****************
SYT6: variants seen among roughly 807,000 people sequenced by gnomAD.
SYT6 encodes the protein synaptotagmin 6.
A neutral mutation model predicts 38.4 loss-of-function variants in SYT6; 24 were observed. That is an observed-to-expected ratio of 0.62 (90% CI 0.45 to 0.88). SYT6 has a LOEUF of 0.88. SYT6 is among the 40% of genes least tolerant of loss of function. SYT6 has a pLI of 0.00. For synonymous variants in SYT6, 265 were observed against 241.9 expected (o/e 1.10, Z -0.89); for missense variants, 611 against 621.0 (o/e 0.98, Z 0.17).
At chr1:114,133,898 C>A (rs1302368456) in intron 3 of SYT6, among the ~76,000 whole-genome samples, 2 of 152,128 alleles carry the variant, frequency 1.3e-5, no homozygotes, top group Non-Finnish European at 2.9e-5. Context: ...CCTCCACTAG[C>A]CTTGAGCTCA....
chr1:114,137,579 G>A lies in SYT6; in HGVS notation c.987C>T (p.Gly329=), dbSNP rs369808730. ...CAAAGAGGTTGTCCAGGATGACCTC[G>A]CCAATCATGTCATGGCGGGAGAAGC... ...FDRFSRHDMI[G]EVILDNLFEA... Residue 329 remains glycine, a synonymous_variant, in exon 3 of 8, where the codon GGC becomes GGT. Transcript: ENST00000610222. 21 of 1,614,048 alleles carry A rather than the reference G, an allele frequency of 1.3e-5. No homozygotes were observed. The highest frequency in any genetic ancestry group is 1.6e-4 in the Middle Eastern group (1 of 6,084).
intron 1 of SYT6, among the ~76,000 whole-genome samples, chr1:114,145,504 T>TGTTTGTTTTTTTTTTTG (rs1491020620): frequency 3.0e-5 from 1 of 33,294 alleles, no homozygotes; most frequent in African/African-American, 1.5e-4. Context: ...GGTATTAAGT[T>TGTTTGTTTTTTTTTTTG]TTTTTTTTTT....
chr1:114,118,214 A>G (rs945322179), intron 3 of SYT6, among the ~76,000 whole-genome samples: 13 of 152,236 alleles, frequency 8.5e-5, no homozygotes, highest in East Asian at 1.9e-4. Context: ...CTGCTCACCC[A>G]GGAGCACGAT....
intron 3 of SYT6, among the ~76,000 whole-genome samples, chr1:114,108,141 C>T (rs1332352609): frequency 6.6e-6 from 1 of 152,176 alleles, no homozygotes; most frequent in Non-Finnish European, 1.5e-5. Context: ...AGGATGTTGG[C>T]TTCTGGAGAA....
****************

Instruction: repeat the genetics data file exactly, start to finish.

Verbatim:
SYT6: variants seen among roughly 807,000 people sequenced by gnomAD.
SYT6 encodes the protein synaptotagmin 6.
A neutral mutation model predicts 38.4 loss-of-function variants in SYT6; 24 were observed. That is an observed-to-expected ratio of 0.62 (90% CI 0.45 to 0.88). SYT6 has a LOEUF of 0.88. SYT6 is among the 40% of genes least tolerant of loss of function. SYT6 has a pLI of 0.00. For synonymous variants in SYT6, 265 were observed against 241.9 expected (o/e 1.10, Z -0.89); for missense variants, 611 against 621.0 (o/e 0.98, Z 0.17).
At chr1:114,133,898 C>A (rs1302368456) in intron 3 of SYT6, among the ~76,000 whole-genome samples, 2 of 152,128 alleles carry the variant, frequency 1.3e-5, no homozygotes, top group Non-Finnish European at 2.9e-5. Context: ...CCTCCACTAG[C>A]CTTGAGCTCA....
chr1:114,137,579 G>A lies in SYT6; in HGVS notation c.987C>T (p.Gly329=), dbSNP rs369808730. ...CAAAGAGGTTGTCCAGGATGACCTC[G>A]CCAATCATGTCATGGCGGGAGAAGC... ...FDRFSRHDMI[G]EVILDNLFEA... Residue 329 remains glycine, a synonymous_variant, in exon 3 of 8, where the codon GGC becomes GGT. Transcript: ENST00000610222. 21 of 1,614,048 alleles carry A rather than the reference G, an allele frequency of 1.3e-5. No homozygotes were observed. The highest frequency in any genetic ancestry group is 1.6e-4 in the Middle Eastern group (1 of 6,084).
intron 1 of SYT6, among the ~76,000 whole-genome samples, chr1:114,145,504 T>TGTTTGTTTTTTTTTTTG (rs1491020620): frequency 3.0e-5 from 1 of 33,294 alleles, no homozygotes; most frequent in African/African-American, 1.5e-4. Context: ...GGTATTAAGT[T>TGTTTGTTTTTTTTTTTG]TTTTTTTTTT....
chr1:114,118,214 A>G (rs945322179), intron 3 of SYT6, among the ~76,000 whole-genome samples: 13 of 152,236 alleles, frequency 8.5e-5, no homozygotes, highest in East Asian at 1.9e-4. Context: ...CTGCTCACCC[A>G]GGAGCACGAT....
intron 3 of SYT6, among the ~76,000 whole-genome samples, chr1:114,108,141 C>T (rs1332352609): frequency 6.6e-6 from 1 of 152,176 alleles, no homozygotes; most frequent in Non-Finnish European, 1.5e-5. Context: ...AGGATGTTGG[C>T]TTCTGGAGAA....